I remember it quite vividly. I was seven years old when my parents had announced over a medium rare steak dinner that they would be getting an annulment.
I didn’t really understand what that meant until they told me that they would no longer be living under one roof. They went on to assure me that things weren’t going to change, but of course, they were. In the coming years, I became their pingpong ball. At the start of the week, my dad would serve me up to my mom and then come Friday, she'd spike back. Naturally, I spent most of my days with my mother because that’s how the law works when you’re a minor, unless she’s incapable of doing so. It was the smarter choice too, since my mom was excellent at cooking and placed her role as a mother above anything else she did and still does in life.
One Friday afternoon, I could barely contain my excitement as I packed my bags and raced my way to the school gate. I saw no signs of any of my father’s cars, so I decided to gobble up on Nerds and wrestle with my friends. While I was pretending to be Shawn Michaels, a dark green Mazda MX-5 ever so slowly pulled up on the driveway. I was stunned by its ground-kissing profile and looks that suggested a top speed of 4,000 kilometers per hour - because pop-up headlamps! Much to my astonishment, it was my father on the driver’s seat. The weekend couldn’t have had a better start. A thousand points were won by Dad that day.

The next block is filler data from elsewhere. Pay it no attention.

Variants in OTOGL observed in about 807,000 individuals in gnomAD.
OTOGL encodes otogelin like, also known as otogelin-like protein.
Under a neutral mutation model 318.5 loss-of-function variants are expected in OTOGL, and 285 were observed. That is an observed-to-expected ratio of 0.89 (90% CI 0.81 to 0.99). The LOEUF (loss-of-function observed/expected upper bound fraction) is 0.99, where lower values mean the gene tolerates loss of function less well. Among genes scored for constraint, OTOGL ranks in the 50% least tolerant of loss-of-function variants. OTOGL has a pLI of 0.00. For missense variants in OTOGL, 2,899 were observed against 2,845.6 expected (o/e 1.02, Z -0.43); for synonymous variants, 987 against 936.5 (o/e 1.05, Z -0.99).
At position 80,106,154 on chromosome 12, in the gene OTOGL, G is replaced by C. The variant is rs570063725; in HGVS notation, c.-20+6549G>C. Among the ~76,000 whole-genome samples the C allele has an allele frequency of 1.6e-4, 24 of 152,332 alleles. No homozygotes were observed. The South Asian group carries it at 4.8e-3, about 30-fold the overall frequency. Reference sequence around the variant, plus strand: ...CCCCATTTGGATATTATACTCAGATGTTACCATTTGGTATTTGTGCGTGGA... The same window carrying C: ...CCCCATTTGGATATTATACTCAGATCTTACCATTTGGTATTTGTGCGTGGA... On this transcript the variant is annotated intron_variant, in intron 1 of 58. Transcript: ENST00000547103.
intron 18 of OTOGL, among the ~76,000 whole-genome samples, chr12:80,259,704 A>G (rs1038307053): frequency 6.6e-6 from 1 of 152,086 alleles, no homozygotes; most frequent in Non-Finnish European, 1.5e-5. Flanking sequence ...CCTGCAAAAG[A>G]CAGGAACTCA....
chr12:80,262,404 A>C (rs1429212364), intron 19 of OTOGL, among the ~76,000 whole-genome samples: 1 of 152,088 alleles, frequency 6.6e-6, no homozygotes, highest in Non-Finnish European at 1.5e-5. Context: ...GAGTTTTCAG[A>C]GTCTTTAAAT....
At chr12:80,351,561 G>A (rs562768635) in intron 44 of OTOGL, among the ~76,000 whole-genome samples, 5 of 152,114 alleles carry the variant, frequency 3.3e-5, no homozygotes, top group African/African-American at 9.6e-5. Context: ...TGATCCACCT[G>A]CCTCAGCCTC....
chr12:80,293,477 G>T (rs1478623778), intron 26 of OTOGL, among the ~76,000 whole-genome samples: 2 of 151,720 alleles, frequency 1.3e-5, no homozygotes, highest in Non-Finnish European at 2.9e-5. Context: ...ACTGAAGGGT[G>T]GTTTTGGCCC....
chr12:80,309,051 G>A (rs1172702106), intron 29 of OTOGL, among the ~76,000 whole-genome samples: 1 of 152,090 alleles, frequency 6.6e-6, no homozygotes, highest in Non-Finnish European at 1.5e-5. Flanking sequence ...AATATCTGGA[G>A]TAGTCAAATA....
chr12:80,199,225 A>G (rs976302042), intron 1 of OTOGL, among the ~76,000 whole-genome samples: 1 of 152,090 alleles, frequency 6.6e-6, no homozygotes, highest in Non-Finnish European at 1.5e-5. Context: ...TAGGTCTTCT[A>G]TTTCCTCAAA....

I sat in it most of the night, playing with all the switches and grazing my hands through the steering wheel. I stared at the gigantic dials and obsessed on the air-condition vents. I couldn’t understand what I was feeling, but I can tell you now - I was falling in love for the very first time. Eventually my father showed some mercy as I was being eaten alive by mosquitos, and because I was a fat kid that was always ready to eat, we headed to Whistle Stop for some Hainanese chicken and fried crablets.
In the drive to and from the restaurant, I touched everything in the car. I couldn’t stop looking at the tachometer needle swing nor could I stop looking at the gear lever every time my dad would swap cogs. I’d pretend to step on the clutch and emulate what he was doing in real time. It seemed like I was trying to piece together something so complex, when in truth, I was learning how to drive.
"Driving the MX-5 puts me in touch with that young, innocent, and troubled boy."
I spent many nights doing this sort of thing with him. It was in these late night drives that I bonded with him as he imparted lessons of kindness, gratitude, and humility. It became my happy place, a source of refuge. The stress of my parents’ separation took its toll on me. I suffered from depression and anxiety that only peaked in my teenage years. This meant that I got in trouble in and out of school.
I am almost certain that I am bi-polar, but I’ve gone undiagnosed simply because I’ve never felt the need to see a shrink and chug on some pills. I’ve always felt that I could battle the ever so slowly shrinking box - that is depression - by simply getting behind the wheel of a car. Ironically, the moment I strap myself in a car, I am free. As I grew older, driving became the ultimate expression of freedom.